Every year the United States Coast Guard reveals the top 10 cruise ship safety problems it finds as a result of its inspections aboard the cruises. In its Spring 2014 Cruise Ship Semi Annual Newsletter, the Coast Guard’s Cruise Ship National Center of Expertise reported over 350 deficiencies found in that year alone. The violations were found during both planned and surprise inspections on a number of cruise ships.

Unlike Annual inspections, Unannounced Coast Guard inspections are short and usually do not delay a ship’s scheduled departure–unless a condition is discovered that poses an imminent danger to the passengers or crew.

During an Unannounced inspection, Port State Control Officers walk through portions of the deck, galleys, and machinery spaces, but not an entire cruise ship. The inspections are meant to spot check for obvious and immediate cruise ship safety violations such as fire hazards; smoke detectors, and escape routes.

The Top 10 cruise ship dangers found by the United States Coast Guard. While the Coast Guard analyzed and revealed the data, they did not disclose the names of the ships nor the cruise lines where the deficiencies were found.

1. Broken Fire Screen Doors

The Coast Guard found 43 occurrences of broken fire screen doors that failed to close fully because of damaged door mechanisms; in some cases the fire doors simply did not fully close and latch. According to the report, all of these deficiencies were corrected on the spot by the cruise line, simply by making simple adjustments or repairs.

2. Leaking Life Boats

The Coast Guard found 35 occurrences of problems with lifeboats or associated safety equipment–including several lifeboat engines that would not start, damaged propellers, steering problems, expired food, and even leaks. Not all of these problems were corrected before the ship was permitted to depart. In some instances the lifeboat was taken out of service, or the onboard passenger count had to be reduced.

3. Blocked Passageways

The Coast Guard inspection revealed 28 occurrences of objects obstructing escape routes. They found locked emergency exit doors or doors blocked by advertisements or displays. Those dangerous situations were fixed on the spot by simply moving the obstructions to stowage areas.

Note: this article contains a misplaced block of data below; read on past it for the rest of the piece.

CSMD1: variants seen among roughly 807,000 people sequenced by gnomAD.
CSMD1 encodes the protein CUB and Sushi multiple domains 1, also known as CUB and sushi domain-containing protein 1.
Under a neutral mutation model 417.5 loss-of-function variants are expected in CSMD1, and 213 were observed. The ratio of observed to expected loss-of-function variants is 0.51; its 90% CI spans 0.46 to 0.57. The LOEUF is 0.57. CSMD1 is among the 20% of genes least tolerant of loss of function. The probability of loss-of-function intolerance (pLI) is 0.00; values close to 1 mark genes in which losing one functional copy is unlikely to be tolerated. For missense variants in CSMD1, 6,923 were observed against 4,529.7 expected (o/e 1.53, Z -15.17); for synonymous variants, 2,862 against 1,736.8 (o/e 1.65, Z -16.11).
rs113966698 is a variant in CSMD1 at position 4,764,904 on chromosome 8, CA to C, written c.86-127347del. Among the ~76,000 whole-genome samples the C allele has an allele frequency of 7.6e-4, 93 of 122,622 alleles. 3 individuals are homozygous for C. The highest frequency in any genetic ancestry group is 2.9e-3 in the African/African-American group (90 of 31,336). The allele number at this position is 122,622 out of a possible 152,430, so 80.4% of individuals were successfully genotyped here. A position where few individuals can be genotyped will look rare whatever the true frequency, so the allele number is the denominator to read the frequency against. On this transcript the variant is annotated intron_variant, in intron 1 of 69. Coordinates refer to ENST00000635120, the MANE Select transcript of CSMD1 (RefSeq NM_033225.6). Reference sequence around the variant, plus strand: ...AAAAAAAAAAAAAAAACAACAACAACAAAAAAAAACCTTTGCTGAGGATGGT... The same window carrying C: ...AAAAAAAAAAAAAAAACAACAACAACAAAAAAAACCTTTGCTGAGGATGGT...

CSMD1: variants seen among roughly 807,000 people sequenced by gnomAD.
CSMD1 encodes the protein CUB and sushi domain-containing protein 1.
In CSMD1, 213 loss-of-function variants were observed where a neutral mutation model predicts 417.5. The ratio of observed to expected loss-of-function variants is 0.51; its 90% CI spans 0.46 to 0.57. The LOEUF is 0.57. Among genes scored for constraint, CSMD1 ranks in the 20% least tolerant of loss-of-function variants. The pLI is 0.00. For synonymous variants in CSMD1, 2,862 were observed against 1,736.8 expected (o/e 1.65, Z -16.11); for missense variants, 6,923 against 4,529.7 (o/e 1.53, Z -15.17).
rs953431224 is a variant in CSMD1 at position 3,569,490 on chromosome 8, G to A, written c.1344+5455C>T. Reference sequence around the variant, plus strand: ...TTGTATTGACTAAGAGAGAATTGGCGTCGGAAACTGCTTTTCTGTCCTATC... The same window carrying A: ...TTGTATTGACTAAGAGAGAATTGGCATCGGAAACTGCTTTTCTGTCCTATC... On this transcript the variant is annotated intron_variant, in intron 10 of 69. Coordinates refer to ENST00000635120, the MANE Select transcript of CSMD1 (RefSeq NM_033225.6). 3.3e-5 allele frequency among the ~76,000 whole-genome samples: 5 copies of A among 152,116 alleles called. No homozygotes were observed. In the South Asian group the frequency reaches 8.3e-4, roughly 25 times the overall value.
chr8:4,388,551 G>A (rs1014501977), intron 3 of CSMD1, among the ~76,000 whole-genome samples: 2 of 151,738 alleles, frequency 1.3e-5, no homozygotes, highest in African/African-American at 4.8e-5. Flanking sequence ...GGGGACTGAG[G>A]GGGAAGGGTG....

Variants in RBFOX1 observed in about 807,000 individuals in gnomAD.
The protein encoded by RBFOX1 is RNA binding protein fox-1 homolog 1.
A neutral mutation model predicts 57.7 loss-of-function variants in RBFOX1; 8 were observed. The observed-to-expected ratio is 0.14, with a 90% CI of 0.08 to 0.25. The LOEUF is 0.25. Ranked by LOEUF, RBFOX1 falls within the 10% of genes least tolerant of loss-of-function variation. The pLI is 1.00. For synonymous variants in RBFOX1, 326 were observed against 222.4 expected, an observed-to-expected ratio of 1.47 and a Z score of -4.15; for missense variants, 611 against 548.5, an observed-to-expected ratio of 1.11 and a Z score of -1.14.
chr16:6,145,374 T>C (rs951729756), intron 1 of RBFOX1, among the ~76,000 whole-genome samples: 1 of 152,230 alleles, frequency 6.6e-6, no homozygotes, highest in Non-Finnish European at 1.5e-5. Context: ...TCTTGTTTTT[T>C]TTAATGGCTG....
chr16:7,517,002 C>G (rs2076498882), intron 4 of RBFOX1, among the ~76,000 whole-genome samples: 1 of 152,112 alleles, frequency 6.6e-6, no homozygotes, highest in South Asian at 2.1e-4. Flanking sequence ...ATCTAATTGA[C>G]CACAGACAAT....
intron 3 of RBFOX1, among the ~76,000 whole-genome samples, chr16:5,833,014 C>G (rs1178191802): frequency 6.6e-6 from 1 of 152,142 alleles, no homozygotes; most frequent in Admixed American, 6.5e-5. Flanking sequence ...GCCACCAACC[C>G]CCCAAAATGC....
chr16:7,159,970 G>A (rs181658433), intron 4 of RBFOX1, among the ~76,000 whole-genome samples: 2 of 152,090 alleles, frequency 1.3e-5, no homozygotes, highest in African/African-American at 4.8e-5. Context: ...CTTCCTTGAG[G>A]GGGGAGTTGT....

4. Explosive Materials

The Coast Guard found 19 occurrences of combustible materials stored in spaces not suitable for flammable items. Those situations were addressed by moving the combustible materials to safer storage areas.

5. Defective Emergency Drills and Poor Crew Training

The Coast Guard inspections found 19 occurrences of deficient emergency drills performed by the lifeboat crews, as well as stairwell guides who were unfamiliar with their duties and failed to conduct the drills realistically. These deficiencies were corrected by giving the crew additional training and by redoing the drills.

6. Electrical Hazards

Coast Guard inspections found 14 occurrences of electrical hazards that included broken light fixtures, exposed wiring, and missing cover plates on electric panels. These problems were noted in different sections of the ship, and the deficiencies were corrected on the spot by ship’s engineering crew.

7. Cracked Ships

Inspectors found 14 occurrences where wastage had resulted in small holes in the
Ships’ structure and decks. These included small cracks in side-shell door hinges
and watertight door frames. On average it took the ships between 14 and 30 days to fix these problems.

8. Fuel Leaks

Inspectors found 13 occurrences of leaking oil and hydraulic leaks in machinery piping
internal to the ship. These leaks can cause both fires and slipping hazards. These deficiencies were reported corrected on the spot by the ship’s crew.

9. Wrong Garbage Cans

Inspectors found 9 occurrences of non-combustible garbage cans used for waste that could cause a fire. These deficiencies were usually cleared on the spot, but on some cruise lines the remedies took 14-30 days.

10. Broken Smoke Detectors

Inspectors found 7 instances of malfunctioning fire and smoke detection systems. Most typically these deficiencies involved individual detectors not working at all or not providing an indication at the control stations or manual call points. If a broken smoke detector was identified, equivalent arrangements were made until the system/components were brought back into full service.

Safety for cruise ship passengers is governed by a complex legal labyrinth that includes both Federal and International Law as well as the International Maritime Organization (IMO), which mandates the global standards for the operation of all cruise ships, no matter where they are flagged or what ports they visits.

I am a lawyer experienced in suing cruise lines such as Carnival, Royal Caribbean, and Norwegian. Since 1991 I have passionately helped passengers obtain justice for their injuries caused by careless cruise ship companies.

Not every slip and fall onboard a cruise ship is a viable case. However, having an experienced maritime lawyer quickly investigate what happened, as well as how and why an accident occurred, is crucial. We provide free legal consultations to anyone who has been hurt on a cruise, anywhere in the world. We provide free telephone, email, and SKYPE consultations.